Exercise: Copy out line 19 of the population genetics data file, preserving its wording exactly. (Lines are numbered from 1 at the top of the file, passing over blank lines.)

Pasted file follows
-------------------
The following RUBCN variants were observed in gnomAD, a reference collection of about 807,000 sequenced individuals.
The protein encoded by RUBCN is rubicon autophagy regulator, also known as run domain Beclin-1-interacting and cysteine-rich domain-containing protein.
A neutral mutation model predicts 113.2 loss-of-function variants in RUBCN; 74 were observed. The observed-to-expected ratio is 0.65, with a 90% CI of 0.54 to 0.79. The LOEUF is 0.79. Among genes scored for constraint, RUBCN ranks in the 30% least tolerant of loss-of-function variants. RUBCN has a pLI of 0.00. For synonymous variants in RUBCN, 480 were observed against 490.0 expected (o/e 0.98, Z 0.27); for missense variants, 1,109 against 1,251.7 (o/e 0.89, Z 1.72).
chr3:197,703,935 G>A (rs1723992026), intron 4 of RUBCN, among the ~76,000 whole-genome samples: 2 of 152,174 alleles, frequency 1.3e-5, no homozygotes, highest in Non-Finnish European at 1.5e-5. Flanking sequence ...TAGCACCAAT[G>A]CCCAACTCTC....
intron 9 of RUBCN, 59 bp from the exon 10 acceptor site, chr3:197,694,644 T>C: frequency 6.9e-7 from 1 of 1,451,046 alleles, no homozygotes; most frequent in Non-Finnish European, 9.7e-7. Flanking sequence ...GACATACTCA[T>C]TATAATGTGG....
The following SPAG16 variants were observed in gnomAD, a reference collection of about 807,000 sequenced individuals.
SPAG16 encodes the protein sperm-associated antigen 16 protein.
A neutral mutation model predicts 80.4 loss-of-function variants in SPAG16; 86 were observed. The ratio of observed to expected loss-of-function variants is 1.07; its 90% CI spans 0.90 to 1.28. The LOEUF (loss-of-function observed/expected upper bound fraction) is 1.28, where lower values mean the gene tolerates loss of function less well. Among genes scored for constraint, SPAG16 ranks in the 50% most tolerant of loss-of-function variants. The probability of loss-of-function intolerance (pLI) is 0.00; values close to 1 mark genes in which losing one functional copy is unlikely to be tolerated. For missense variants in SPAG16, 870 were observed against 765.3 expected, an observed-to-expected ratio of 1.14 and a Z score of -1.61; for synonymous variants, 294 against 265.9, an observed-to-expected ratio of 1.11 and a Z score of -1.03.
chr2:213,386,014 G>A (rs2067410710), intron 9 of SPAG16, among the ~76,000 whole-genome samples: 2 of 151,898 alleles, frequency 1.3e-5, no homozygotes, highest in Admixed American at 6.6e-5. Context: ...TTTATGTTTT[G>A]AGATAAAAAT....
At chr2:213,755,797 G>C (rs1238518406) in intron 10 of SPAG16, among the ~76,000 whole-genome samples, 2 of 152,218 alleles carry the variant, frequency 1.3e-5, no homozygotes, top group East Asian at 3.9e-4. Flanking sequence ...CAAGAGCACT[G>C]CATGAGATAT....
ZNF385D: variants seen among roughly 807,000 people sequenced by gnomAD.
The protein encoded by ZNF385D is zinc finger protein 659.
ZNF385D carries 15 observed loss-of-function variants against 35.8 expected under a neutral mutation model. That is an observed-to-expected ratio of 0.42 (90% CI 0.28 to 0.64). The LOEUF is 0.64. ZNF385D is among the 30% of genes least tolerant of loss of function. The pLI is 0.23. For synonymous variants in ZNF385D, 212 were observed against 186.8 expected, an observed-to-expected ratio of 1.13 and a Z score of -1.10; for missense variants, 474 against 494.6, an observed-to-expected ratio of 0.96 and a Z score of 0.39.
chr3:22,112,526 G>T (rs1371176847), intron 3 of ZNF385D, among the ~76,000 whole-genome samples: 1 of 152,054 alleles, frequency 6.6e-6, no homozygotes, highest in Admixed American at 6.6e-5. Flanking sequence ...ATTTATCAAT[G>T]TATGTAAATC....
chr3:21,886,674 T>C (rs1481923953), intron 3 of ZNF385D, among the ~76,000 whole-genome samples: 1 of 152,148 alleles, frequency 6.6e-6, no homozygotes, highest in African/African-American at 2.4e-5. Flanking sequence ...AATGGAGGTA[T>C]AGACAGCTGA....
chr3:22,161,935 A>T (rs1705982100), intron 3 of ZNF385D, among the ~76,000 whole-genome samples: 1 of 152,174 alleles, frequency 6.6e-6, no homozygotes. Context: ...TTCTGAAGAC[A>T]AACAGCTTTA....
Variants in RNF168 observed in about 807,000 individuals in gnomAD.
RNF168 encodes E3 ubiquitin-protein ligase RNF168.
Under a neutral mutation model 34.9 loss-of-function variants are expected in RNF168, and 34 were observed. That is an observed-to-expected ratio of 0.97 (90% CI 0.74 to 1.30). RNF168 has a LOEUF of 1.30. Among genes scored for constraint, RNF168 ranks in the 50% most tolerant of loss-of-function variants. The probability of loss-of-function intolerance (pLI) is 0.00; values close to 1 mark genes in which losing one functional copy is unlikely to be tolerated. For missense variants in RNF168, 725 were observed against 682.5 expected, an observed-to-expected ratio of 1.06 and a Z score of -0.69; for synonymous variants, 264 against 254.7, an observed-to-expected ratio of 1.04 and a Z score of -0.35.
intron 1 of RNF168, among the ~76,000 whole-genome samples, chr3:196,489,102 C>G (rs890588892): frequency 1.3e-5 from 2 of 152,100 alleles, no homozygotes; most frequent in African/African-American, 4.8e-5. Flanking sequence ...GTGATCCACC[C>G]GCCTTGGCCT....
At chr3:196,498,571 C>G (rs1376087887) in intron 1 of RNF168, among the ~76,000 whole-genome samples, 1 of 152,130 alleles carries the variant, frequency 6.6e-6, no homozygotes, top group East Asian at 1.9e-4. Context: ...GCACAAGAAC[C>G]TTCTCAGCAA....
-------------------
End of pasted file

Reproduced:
Under a neutral mutation model 34.9 loss-of-function variants are expected in RNF168, and 34 were observed. That is an observed-to-expected ratio of 0.97 (90% CI 0.74 to 1.30). RNF168 has a LOEUF of 1.30. Among genes scored for constraint, RNF168 ranks in the 50% most tolerant of loss-of-function variants. The probability of loss-of-function intolerance (pLI) is 0.00; values close to 1 mark genes in which losing one functional copy is unlikely to be tolerated. For missense variants in RNF168, 725 were observed against 682.5 expected, an observed-to-expected ratio of 1.06 and a Z score of -0.69; for synonymous variants, 264 against 254.7, an observed-to-expected ratio of 1.04 and a Z score of -0.35.